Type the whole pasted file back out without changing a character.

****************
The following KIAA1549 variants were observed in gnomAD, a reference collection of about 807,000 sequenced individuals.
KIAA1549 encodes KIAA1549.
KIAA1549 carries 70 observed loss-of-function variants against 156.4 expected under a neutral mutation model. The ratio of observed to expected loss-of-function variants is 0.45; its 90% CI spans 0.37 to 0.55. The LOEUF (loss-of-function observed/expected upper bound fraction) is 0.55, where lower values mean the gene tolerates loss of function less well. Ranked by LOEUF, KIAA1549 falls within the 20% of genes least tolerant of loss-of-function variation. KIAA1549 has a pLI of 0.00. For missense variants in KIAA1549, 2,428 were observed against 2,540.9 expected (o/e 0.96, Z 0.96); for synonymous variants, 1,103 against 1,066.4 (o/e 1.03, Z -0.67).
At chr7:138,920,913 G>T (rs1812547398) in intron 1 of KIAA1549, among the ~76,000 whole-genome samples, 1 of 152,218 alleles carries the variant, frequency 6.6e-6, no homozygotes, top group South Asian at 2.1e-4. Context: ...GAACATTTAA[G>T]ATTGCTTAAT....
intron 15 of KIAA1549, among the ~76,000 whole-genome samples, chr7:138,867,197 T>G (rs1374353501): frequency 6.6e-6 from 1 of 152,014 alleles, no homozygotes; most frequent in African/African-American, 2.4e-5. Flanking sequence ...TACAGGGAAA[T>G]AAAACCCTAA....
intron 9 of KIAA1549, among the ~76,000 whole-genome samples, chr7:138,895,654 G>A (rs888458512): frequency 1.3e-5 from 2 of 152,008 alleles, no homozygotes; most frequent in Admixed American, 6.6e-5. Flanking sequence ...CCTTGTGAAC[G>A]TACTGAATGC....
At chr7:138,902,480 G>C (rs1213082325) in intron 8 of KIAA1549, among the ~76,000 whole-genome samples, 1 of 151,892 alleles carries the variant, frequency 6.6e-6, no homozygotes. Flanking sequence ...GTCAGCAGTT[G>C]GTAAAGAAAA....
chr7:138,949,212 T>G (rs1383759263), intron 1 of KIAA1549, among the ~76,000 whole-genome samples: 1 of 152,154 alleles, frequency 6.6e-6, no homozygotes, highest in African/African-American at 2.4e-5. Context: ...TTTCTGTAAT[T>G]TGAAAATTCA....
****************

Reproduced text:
The following KIAA1549 variants were observed in gnomAD, a reference collection of about 807,000 sequenced individuals.
KIAA1549 encodes KIAA1549.
KIAA1549 carries 70 observed loss-of-function variants against 156.4 expected under a neutral mutation model. The ratio of observed to expected loss-of-function variants is 0.45; its 90% CI spans 0.37 to 0.55. The LOEUF (loss-of-function observed/expected upper bound fraction) is 0.55, where lower values mean the gene tolerates loss of function less well. Ranked by LOEUF, KIAA1549 falls within the 20% of genes least tolerant of loss-of-function variation. KIAA1549 has a pLI of 0.00. For missense variants in KIAA1549, 2,428 were observed against 2,540.9 expected (o/e 0.96, Z 0.96); for synonymous variants, 1,103 against 1,066.4 (o/e 1.03, Z -0.67).
At chr7:138,920,913 G>T (rs1812547398) in intron 1 of KIAA1549, among the ~76,000 whole-genome samples, 1 of 152,218 alleles carries the variant, frequency 6.6e-6, no homozygotes, top group South Asian at 2.1e-4. Context: ...GAACATTTAA[G>T]ATTGCTTAAT....
intron 15 of KIAA1549, among the ~76,000 whole-genome samples, chr7:138,867,197 T>G (rs1374353501): frequency 6.6e-6 from 1 of 152,014 alleles, no homozygotes; most frequent in African/African-American, 2.4e-5. Flanking sequence ...TACAGGGAAA[T>G]AAAACCCTAA....
intron 9 of KIAA1549, among the ~76,000 whole-genome samples, chr7:138,895,654 G>A (rs888458512): frequency 1.3e-5 from 2 of 152,008 alleles, no homozygotes; most frequent in Admixed American, 6.6e-5. Flanking sequence ...CCTTGTGAAC[G>A]TACTGAATGC....
At chr7:138,902,480 G>C (rs1213082325) in intron 8 of KIAA1549, among the ~76,000 whole-genome samples, 1 of 151,892 alleles carries the variant, frequency 6.6e-6, no homozygotes. Flanking sequence ...GTCAGCAGTT[G>C]GTAAAGAAAA....
chr7:138,949,212 T>G (rs1383759263), intron 1 of KIAA1549, among the ~76,000 whole-genome samples: 1 of 152,154 alleles, frequency 6.6e-6, no homozygotes, highest in African/African-American at 2.4e-5. Context: ...TTTCTGTAAT[T>G]TGAAAATTCA....